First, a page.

Remember team assignments in school? I do. I was that kid that did all the work while the others goofed off.
The key to effective team work in school was simple: if you had one of the hardest-working classmates on your team, you were golden. If you were that person (like me), then you carried the load for distributed "credit."
Despite the occasional team project, in school, we learn, work, and are graded individually.
Work is a solo sport too. We are hired and promoted, honored and recognized, for our individual skills and accomplishments.
But no matter how smart and accomplished, there's ony so much one person can do alone. A Deloitte survey of 245 C-level executives showed that 65% identified collaboration as a crucial workplace skill. But only 14% were satisfied with their company’s current ability to work well together. And that was before the pandemic sent many people home to work remotely, some for good.
If we didn’t learn teamwork at school, then how can we meet the needs of the current (and rapidly changing) workplace?
Collaboration doesn’t just happen when you put people into groups. It’s a specific set of skills that help us work together to achieve something no one person can do alone. It’s when the whole is more innovative, more productive, and collectively smarter than the sum of its parts.
Effective collaboration depends on the collective intelligence of the team.
That's not just some fancy made-up term. Science tells us that collective intelligence is very real and very measurable. Just as IQ measures the ability of individuals to perform certain tasks, collective intelligence predicts a team’s ability to solve problems to . The findings of this seminal study (Anita Williams Woolley et al.) are fascinating.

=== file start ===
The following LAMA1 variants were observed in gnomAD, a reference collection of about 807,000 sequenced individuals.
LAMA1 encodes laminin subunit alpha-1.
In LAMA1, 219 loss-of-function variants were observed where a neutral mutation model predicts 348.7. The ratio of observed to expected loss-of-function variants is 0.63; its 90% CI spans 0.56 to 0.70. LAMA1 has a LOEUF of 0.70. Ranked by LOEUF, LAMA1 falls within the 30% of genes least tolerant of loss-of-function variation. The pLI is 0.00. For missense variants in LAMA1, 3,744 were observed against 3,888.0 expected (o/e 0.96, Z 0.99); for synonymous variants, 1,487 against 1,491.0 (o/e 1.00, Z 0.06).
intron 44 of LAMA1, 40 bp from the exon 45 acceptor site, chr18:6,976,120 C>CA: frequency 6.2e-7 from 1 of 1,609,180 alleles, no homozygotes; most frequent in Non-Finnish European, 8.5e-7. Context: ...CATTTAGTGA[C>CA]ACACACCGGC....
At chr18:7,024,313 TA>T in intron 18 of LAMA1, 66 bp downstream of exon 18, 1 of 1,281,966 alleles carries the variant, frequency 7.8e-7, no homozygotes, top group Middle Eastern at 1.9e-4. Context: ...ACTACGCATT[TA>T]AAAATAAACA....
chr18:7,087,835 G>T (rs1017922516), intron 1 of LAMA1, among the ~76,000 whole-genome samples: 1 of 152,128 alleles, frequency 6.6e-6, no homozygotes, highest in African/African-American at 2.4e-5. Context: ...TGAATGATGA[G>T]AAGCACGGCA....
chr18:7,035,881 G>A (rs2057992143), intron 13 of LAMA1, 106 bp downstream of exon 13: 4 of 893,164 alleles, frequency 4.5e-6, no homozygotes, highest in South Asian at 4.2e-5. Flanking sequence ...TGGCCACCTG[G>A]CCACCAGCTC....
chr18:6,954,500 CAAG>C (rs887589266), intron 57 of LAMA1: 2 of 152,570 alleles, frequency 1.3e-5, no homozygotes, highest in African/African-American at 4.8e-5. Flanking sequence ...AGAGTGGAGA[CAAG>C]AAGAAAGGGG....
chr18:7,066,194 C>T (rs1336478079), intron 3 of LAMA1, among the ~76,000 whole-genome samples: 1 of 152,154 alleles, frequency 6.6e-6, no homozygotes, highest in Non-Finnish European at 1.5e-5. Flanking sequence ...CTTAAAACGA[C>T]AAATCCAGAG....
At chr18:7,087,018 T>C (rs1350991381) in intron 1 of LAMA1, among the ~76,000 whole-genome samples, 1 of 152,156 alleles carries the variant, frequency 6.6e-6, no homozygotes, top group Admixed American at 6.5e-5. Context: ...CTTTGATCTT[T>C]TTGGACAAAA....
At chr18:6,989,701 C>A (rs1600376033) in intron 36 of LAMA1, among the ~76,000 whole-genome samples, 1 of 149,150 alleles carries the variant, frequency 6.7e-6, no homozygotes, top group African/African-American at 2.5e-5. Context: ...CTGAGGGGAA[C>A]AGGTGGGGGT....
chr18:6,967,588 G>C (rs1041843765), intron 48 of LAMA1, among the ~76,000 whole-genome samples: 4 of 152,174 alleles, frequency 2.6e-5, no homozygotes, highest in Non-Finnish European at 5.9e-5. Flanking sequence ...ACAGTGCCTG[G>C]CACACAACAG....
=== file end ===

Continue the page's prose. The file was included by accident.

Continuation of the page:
Unlike our school experiences, the most collectively intelligent team is not the team with a single smart and hard-working member. It’s not even the team with the largest number of individually smart people or the highest average IQ.
The most collectively intelligent teams are the most socially sensitive - the ones where the members are most attuned to the feelings and perspectives of the others. They are balanced turn takers, with each person (not just the loudest person) contributing evenly to the conversation.
Finally, the most collectively intelligent teams are diverse. According to the study’s findings, teams with higher proportions of women tend to be more collectively intelligent. The smartest teams don’t manage their diversity - they succeed because of it.
In short, when teams are both diverse and have well developed skills, stand back! They are unstoppable. The most collectively intelligent teams also have the most honed social or relational skills, skills that help them listen and ask questions, debate and disagree, and be open to each other’s different perspectives and divergent experiences.
We can’t build these skills individually or simply hope that they will magically happen when we come together. These skills live in the spaces between colleagues, so they must be built - and practiced - together.
We would never ask a professional sports team to play without practice. A sports team’s excellence is more than knowing when to pass the ball. It’s knowing from experience and repetition where the others will be, and how they will respond when the ball is passed.
But we ask business teams to “play without practice” all the time. If you want your teams to have that sixth sense - of where their colleagues are going and when to pass the proverbial ball - you have to invest in connecting the spaces between them. That's where the real wisdom of your organization is hidden - just waiting to be put to work.
If you successfully do this, the reward is immense: growth, innovation, inclusion and productivity. Collective intelligence is the key to being unstoppable.